On Tuesday, executives from seven of the largest pharmaceutical companies testified before the Senate Finance Committee on rising prescription drug prices. While the hearing was expected to be packed with fireworks as Senators of both parties grilled the nation's top pharmaceutical executives, it was largely uneventful.
As expected, the executives shifted blame to other actors in the drug industry, or suggested that any reforms would need to be system-wide in order to truly improve access and affordability for patients. The drugmakers also expressed opposition to the Administration's international drug price index proposal as well as allowing the government to directly negotiate lower prices in Medicare.
The executives also expressed support for the bipartisan CREATES Act, which would save the government an estimated $3.9 billion over ten years if enacted. CREATES is designed to facilitate market entry of certain generic drugs or biosimiliar products by requiring manufacturers to share sufficient quantities of samples with developers. The bill is expected to pass this Congress.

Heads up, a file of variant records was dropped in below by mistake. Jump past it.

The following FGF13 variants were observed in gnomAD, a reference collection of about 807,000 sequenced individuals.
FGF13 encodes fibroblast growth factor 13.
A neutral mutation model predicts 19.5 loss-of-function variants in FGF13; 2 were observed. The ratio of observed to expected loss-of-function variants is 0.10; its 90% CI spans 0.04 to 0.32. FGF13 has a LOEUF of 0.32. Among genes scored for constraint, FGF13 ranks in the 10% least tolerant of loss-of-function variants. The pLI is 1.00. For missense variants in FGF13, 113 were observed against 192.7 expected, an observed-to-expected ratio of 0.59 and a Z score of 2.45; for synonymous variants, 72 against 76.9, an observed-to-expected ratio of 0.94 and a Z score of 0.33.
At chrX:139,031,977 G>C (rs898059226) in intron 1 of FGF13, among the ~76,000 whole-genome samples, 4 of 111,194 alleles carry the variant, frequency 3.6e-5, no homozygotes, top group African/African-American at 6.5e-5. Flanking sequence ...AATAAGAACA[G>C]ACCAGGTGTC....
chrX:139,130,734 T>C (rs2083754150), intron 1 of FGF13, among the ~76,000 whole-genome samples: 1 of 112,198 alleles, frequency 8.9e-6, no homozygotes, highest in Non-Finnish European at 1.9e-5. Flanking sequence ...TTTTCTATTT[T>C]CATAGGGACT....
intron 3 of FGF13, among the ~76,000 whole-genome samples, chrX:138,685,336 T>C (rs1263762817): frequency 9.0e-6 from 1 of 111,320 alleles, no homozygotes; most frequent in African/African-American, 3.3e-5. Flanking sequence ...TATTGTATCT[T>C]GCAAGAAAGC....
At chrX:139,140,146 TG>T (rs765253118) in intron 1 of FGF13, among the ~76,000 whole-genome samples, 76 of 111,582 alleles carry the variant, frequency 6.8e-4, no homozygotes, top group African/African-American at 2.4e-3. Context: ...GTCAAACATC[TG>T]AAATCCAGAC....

As drug pricing remains a top priority in Congress and among voters, expect conversations around drug pricing legislation to continue. One area of bipartisan interest during this week's hearing centered around perceived price gouging. With insulin costs rising, not to mention other common products, this could be an area where Congress looks next to understand how companies raise prices.